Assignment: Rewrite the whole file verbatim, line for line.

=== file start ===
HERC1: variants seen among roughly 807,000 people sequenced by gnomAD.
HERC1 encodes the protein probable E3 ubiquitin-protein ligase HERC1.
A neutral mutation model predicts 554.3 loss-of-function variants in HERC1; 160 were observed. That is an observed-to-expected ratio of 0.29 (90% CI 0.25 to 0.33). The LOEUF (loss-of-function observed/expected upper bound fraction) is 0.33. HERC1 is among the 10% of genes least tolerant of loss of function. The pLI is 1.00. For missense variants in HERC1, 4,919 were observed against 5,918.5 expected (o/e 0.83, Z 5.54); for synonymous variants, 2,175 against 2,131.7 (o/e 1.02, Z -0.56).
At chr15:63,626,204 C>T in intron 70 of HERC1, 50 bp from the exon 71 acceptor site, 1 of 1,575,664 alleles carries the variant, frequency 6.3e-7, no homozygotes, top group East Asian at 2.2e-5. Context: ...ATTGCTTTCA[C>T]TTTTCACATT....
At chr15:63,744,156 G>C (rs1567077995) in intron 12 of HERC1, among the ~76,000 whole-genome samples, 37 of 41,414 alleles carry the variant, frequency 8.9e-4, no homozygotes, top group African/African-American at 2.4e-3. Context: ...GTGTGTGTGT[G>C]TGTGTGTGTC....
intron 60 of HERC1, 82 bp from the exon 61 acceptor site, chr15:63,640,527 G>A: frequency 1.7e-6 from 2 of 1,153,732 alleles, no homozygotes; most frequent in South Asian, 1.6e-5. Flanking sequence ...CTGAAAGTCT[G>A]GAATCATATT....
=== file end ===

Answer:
HERC1: variants seen among roughly 807,000 people sequenced by gnomAD.
HERC1 encodes the protein probable E3 ubiquitin-protein ligase HERC1.
A neutral mutation model predicts 554.3 loss-of-function variants in HERC1; 160 were observed. That is an observed-to-expected ratio of 0.29 (90% CI 0.25 to 0.33). The LOEUF (loss-of-function observed/expected upper bound fraction) is 0.33. HERC1 is among the 10% of genes least tolerant of loss of function. The pLI is 1.00. For missense variants in HERC1, 4,919 were observed against 5,918.5 expected (o/e 0.83, Z 5.54); for synonymous variants, 2,175 against 2,131.7 (o/e 1.02, Z -0.56).
At chr15:63,626,204 C>T in intron 70 of HERC1, 50 bp from the exon 71 acceptor site, 1 of 1,575,664 alleles carries the variant, frequency 6.3e-7, no homozygotes, top group East Asian at 2.2e-5. Context: ...ATTGCTTTCA[C>T]TTTTCACATT....
At chr15:63,744,156 G>C (rs1567077995) in intron 12 of HERC1, among the ~76,000 whole-genome samples, 37 of 41,414 alleles carry the variant, frequency 8.9e-4, no homozygotes, top group African/African-American at 2.4e-3. Context: ...GTGTGTGTGT[G>C]TGTGTGTGTC....
intron 60 of HERC1, 82 bp from the exon 61 acceptor site, chr15:63,640,527 G>A: frequency 1.7e-6 from 2 of 1,153,732 alleles, no homozygotes; most frequent in South Asian, 1.6e-5. Flanking sequence ...CTGAAAGTCT[G>A]GAATCATATT....